May 26, 2023

Ketamine Shows Promise for Hard-to-Treat Depression in New Study

Dr. Daniel Maixner was quoted discussing the limitations of a recent study on ECT and highlighting its potential areas for improvement.

Read the full New York Times article here. 


The researchers randomly assigned intravenous ketamine or ECT to 365 patients. Nearly half received ketamine twice a week while the others received ECT three times a week. By the end of the three-week treatment, 55 percent of those in the ketamine group and 41 percent of the patients in the ECT group reported a 50 percent or greater reduction in symptoms.

Six months later, the quality-of-life scores for both groups were similar.

One limitation of the study was that the number of ECT treatments may not have been sufficient because the treatment period was only three weeks, said Dr. Daniel F. Maixner, the ECT program director at Michigan Medicine at the University of Michigan, who was not affiliated with the study.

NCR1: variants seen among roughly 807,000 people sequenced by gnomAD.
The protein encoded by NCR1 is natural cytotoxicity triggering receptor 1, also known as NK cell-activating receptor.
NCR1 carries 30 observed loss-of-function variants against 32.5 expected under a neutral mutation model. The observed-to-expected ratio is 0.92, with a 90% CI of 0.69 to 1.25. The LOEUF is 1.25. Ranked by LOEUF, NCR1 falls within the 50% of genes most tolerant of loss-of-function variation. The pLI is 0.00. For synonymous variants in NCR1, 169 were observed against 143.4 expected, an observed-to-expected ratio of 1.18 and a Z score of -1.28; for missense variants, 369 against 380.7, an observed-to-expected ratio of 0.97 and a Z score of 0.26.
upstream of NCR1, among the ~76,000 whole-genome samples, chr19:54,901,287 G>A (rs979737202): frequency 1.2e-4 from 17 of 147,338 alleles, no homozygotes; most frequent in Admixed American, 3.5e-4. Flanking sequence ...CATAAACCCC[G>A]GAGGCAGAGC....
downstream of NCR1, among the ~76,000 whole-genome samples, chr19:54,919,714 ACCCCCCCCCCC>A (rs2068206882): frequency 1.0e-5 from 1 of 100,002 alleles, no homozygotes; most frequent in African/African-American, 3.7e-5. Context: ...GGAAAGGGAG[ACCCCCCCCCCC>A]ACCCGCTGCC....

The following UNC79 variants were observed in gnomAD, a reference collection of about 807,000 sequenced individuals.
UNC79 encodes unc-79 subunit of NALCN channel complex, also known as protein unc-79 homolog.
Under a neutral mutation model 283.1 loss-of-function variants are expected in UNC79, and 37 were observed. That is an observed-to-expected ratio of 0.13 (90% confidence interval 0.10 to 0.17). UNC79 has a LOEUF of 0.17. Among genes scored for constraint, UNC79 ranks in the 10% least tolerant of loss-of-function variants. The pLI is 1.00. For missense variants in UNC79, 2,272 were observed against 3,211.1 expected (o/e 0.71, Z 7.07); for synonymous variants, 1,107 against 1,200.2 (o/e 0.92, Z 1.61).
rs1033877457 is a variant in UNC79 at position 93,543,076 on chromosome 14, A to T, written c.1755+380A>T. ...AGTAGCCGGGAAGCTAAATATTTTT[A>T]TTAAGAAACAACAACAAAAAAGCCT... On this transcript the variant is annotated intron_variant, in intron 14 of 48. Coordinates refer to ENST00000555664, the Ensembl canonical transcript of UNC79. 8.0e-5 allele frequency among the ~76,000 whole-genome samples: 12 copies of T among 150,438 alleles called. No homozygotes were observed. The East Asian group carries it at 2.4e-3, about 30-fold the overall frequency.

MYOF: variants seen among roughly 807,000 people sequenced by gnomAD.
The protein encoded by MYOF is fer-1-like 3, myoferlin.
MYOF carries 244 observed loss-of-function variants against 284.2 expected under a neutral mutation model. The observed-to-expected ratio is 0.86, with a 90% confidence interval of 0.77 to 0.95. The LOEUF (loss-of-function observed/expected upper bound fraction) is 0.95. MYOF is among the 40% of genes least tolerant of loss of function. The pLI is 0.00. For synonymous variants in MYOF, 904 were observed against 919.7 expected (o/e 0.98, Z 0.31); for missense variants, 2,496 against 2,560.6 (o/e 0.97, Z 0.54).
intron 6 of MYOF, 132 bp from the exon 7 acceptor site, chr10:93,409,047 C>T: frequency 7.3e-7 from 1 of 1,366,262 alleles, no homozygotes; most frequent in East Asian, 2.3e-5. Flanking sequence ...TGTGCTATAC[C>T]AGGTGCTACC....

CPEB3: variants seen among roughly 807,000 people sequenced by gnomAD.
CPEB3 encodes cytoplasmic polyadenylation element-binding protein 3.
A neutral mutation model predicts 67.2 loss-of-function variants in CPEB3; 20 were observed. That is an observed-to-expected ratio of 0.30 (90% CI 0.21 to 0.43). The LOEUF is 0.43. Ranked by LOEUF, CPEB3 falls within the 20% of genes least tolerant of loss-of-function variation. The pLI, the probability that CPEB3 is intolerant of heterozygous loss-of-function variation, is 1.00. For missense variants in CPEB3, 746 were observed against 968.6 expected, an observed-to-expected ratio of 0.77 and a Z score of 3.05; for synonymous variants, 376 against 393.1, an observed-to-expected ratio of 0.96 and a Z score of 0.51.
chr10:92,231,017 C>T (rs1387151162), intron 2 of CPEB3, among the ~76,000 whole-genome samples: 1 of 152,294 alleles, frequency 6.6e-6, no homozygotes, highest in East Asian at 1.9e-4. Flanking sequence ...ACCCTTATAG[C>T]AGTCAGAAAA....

The study subjects started their course of ECT by receiving electric currents on one side of the brain, which may require 10 or 12 sessions, as opposed to the nine used in the study, he added.

“If there’s more improvement to be had, you continue,” Dr. Maixner said.


Dr. Maixner, at Michigan Medicine, said that research suggests that intravenous ketamine, which he has also used to treat patients, may have some emerging and strong benefits for hard-to-treat depression, which “gives people options.”

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